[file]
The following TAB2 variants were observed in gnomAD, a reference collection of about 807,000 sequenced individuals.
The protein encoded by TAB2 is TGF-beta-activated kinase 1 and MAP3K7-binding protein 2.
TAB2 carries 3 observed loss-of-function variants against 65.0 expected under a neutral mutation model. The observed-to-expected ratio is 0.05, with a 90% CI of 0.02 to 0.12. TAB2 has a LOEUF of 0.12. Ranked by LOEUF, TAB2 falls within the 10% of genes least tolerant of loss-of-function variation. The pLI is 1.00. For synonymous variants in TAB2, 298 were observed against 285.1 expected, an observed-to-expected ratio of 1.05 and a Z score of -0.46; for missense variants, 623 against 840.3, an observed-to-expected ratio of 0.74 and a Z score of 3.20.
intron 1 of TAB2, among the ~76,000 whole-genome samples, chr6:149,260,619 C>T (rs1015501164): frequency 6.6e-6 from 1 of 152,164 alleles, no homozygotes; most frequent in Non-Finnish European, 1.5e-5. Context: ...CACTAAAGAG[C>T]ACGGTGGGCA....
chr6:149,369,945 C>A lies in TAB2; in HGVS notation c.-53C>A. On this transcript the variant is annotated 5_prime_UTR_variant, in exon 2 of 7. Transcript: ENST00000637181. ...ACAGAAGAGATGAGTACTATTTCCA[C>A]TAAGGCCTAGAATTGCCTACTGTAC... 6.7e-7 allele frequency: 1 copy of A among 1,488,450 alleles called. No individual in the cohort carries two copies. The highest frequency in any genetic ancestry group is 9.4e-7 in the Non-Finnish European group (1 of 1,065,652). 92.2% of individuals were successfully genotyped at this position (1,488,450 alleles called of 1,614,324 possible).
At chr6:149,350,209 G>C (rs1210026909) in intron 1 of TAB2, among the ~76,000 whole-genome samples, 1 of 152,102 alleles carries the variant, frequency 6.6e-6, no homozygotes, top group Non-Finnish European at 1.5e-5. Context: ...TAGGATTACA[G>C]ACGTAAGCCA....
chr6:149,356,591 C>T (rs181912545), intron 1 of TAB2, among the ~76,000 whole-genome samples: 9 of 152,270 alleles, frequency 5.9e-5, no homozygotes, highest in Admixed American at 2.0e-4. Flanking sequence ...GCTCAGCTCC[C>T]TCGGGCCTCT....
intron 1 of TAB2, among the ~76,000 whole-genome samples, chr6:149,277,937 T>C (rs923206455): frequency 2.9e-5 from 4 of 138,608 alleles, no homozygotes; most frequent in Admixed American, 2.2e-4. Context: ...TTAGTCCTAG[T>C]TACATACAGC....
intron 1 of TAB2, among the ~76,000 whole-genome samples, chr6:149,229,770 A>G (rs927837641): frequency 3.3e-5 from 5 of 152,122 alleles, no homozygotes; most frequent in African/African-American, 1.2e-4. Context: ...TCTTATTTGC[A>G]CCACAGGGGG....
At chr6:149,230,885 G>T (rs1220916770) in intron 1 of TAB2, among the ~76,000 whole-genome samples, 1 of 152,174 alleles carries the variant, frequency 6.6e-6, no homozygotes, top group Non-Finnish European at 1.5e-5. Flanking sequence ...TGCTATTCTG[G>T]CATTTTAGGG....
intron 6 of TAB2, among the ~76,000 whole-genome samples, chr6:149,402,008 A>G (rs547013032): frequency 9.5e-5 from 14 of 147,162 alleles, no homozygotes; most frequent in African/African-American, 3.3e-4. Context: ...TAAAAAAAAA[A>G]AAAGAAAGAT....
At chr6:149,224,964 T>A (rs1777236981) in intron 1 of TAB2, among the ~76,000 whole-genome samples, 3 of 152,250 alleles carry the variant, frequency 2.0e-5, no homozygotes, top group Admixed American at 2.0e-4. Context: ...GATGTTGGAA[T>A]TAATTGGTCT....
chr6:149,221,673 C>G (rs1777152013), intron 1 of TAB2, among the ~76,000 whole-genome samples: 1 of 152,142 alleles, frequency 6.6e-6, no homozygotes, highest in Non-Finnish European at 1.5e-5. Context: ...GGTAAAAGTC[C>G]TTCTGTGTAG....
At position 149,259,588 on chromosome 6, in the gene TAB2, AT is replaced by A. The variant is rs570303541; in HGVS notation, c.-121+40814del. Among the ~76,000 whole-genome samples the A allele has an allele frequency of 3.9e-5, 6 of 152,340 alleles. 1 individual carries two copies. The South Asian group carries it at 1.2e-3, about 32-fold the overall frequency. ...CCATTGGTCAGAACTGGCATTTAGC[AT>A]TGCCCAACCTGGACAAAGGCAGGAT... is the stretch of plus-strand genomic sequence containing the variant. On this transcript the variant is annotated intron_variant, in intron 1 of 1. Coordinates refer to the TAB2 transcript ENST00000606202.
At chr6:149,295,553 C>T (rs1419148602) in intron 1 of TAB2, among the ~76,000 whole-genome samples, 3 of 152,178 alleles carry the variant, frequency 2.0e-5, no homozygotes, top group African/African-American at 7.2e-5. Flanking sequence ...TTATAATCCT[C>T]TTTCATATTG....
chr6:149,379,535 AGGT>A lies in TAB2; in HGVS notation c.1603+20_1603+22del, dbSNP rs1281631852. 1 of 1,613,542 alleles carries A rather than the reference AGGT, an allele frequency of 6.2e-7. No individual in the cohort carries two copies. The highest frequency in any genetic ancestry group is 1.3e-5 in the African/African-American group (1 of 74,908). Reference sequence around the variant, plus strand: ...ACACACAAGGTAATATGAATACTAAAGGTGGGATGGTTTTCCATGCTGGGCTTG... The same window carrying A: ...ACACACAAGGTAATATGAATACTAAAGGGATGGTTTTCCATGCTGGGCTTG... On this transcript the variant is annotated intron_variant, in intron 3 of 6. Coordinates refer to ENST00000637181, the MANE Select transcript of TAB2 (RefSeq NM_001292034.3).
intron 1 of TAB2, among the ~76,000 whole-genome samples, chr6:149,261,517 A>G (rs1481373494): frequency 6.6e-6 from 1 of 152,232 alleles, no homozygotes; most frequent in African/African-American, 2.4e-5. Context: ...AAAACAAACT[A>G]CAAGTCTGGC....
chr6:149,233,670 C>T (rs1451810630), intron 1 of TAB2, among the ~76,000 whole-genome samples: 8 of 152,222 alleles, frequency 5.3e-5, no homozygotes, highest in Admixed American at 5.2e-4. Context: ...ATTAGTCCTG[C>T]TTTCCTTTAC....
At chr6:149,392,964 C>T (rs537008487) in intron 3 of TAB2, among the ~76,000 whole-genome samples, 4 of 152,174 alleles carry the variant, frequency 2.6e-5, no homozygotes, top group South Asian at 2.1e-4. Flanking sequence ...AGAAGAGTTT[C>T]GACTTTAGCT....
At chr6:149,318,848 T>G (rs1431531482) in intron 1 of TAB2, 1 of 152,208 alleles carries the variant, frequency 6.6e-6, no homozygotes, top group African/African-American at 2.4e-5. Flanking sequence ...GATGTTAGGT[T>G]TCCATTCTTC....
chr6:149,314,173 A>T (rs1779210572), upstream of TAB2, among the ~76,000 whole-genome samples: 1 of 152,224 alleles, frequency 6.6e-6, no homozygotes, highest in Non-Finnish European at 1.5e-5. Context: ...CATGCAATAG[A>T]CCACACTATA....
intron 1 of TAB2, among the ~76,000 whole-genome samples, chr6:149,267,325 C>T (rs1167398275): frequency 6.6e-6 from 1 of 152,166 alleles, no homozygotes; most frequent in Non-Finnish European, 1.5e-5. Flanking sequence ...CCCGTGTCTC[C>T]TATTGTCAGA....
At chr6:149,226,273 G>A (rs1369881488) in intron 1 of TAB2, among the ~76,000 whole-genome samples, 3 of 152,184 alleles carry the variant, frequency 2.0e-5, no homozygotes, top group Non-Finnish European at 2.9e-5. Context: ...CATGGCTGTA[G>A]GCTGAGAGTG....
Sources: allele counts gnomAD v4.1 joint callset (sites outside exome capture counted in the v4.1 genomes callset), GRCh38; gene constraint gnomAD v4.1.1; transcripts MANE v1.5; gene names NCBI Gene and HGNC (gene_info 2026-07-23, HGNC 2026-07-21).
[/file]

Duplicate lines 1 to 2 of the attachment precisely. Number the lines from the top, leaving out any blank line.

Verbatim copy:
The following TAB2 variants were observed in gnomAD, a reference collection of about 807,000 sequenced individuals.
The protein encoded by TAB2 is TGF-beta-activated kinase 1 and MAP3K7-binding protein 2.